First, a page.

Non-motoring > Surprises in newly bought house Miscellaneous
Thread Author: bathtub tom Replies: 15

 Surprises in newly bought house - bathtub tom
The old garage had been converted into an office and shed with a partition wall. The carpet in the office was the filthiest I've ever seen, so I pulled it up. Underneath was a black layer, which I've now decided was roofing felt (the previous occupant was a builder). I decided to remove that as I didn't know what would happen to it in warmer weather and didn't want to be treading any black,sticky stuff around. It was a garage and had a car that leaked oil in it at some time. I now know old engine oil on concrete is a marvellous method of glueing down roofing felt!
 Surprises in newly bought house - Slightlyfatdirector
Sounds like you have some fun on your hands!

Four years ago we moved into a house. c. 1930's with a few extensions of the years. We have moved many times of the years (7 times in 8 years before) so thought we had seen it all.

We viewed it thoroughly (we thought) 3 times and only saw a few cosmetic issues, and the survey (for what it was worth) brought little to light. The owner said that it would get a deep clean before they left and we were happy. We moved in and it was absolutely filthy.

First night, due to horrendous noise in the loft directly above the bed in the main bedroom we established that the loft was infested with squirrels who had been living there for some time (generations) - oh, along with lots of evidence of rats. Some joists chewed quite badly.

We found that there was a door to a bathroom and one to a teenagers bedroom that did not actually close - or indeed fit in the frames.

We found radiators that did not work at all, and assumed that they were sludged-up, but no, they were clean and nearly new. Where the house had been extended over the years the heating system was not strong enough to get water to all the radiators. That and a mixture of different bore pipes had been used all over the place.

Found water on the top of some built -in cupboards in a room downstairs and no sign of how it got there. Happened a few times . No wet wall, no wet ceiling but puddles of water on the top.

Completely mystified. Found the water was coming through some missing grout in a shower above that, went down in between a cavity wall, onto some electrical cables to the back of a wall-mounted TV in the room below, across the TV bracket and then poured off the end. Clearly has been happening for sometime as shower was in teenage daughter's ensuite and grout was very bad. This was not new.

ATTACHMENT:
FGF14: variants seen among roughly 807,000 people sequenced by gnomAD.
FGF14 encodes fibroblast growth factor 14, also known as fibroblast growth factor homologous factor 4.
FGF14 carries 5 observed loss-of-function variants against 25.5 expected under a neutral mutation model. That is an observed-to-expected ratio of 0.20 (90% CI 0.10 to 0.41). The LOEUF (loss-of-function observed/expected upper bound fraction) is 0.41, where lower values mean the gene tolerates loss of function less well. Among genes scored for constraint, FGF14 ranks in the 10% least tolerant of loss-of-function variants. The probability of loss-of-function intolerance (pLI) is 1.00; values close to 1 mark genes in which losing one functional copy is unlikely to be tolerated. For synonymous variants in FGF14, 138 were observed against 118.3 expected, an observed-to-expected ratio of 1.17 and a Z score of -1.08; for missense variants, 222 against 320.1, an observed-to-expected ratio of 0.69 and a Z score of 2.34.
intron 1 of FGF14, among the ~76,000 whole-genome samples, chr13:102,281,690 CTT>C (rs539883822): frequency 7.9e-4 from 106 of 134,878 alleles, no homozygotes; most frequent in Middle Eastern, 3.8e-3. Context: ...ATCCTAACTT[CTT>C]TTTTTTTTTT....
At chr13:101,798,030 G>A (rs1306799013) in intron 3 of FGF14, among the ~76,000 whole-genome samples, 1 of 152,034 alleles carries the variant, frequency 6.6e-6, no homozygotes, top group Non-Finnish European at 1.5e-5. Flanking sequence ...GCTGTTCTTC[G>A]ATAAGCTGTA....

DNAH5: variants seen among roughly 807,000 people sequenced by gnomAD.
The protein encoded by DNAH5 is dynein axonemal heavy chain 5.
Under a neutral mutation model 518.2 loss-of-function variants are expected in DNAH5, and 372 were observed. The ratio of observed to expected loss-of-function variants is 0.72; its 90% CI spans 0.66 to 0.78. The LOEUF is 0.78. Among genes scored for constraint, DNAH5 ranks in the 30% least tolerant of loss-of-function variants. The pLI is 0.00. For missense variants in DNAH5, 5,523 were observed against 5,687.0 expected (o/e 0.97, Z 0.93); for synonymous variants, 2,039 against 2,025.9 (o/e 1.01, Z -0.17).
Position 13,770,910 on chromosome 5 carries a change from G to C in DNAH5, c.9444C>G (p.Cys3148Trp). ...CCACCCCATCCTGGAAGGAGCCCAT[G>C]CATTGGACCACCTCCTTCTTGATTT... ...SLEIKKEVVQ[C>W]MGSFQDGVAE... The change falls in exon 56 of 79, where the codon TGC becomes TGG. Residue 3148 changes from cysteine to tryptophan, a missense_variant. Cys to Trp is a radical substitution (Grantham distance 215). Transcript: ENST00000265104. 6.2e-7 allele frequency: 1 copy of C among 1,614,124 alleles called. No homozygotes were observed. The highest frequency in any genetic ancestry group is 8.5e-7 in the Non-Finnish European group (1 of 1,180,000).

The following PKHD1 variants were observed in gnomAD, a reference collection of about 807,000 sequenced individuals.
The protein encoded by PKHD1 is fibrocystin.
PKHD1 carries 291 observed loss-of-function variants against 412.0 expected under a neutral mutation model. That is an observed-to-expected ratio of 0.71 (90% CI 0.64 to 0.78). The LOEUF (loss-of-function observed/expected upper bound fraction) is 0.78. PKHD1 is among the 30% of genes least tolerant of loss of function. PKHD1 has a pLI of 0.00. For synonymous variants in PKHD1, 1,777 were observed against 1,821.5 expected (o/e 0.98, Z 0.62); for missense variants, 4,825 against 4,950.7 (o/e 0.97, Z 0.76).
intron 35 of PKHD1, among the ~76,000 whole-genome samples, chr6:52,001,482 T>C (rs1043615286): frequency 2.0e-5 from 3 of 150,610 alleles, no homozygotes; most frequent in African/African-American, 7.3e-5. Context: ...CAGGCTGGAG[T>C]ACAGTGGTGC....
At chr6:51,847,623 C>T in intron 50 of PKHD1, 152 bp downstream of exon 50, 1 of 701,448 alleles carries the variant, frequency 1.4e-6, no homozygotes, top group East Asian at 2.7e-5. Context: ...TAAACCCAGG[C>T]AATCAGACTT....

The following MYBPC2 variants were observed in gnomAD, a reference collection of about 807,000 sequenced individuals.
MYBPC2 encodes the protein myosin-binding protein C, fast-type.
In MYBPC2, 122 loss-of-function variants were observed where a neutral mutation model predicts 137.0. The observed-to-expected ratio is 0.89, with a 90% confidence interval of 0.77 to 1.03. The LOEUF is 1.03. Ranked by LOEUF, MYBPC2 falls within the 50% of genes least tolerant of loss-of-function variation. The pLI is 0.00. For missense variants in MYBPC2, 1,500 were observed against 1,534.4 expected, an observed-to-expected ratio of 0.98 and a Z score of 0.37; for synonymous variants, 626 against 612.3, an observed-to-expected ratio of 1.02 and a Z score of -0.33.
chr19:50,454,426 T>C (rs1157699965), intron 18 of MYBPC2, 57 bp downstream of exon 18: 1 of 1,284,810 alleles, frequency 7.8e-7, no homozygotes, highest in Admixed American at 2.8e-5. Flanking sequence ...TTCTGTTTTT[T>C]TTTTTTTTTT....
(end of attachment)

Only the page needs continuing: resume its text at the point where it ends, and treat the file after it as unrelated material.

Electric mains cable found to be unshielded and below just 1mm of plaster. Many of the electrics were condemned by our electrician who also found live wires cut off and exposed in the loft.

Some sunken ceiling lights in a room were not working. Changed bulbs and no joy. Then found all the transformers had melted as they had been packed into the ceiling insulation and had over-heated.

Found a lot of small cracks in the plaster of a bedroom wall that was part of a newer extension and when we had it looked at we found that the supporting steel in the loft was neither placed correctly or even secured to anything.

Found that the kitchen sink took ages to drain away, and when in was investigated we discovered that there was a cracked drain just where the waste went out of the house and there was lots of accumulated food waste that was blocking this drain where it left the house and there was lots of it all under the decking (explained the profusion of rats) and it has clearly been like this for months.

And those are just some of the problems we found! So many were clearly known about before the sale but not addressed.

Has taken a lot of time and effort (and money) to get everything resolved, but four years on we are nearly there! Had not realised that we had bought a project, and had not paid project money either! I am sure others had had worse horror stories, and they have my sympathy.....
 Surprises in newly bought house - Ambo
Don't both posts raise "caveat emptor" and compensation issues?
 Surprises in newly bought house - Robin O'Reliant
Surely the previous owner would have been liable to correct the known and obvious faults? I thought the law was fairly strict on that now.
 Surprises in newly bought house - CGNorwich
"Surely the previous owner would have been liable to correct the known and obvious faults?"

"If faults are known and obvious to the buyer the seller would not need to point them out."

The seller must not misrepresent the property the property and must disclose any known problems that are not readily appararent. He must disclose any work that has been done on the search form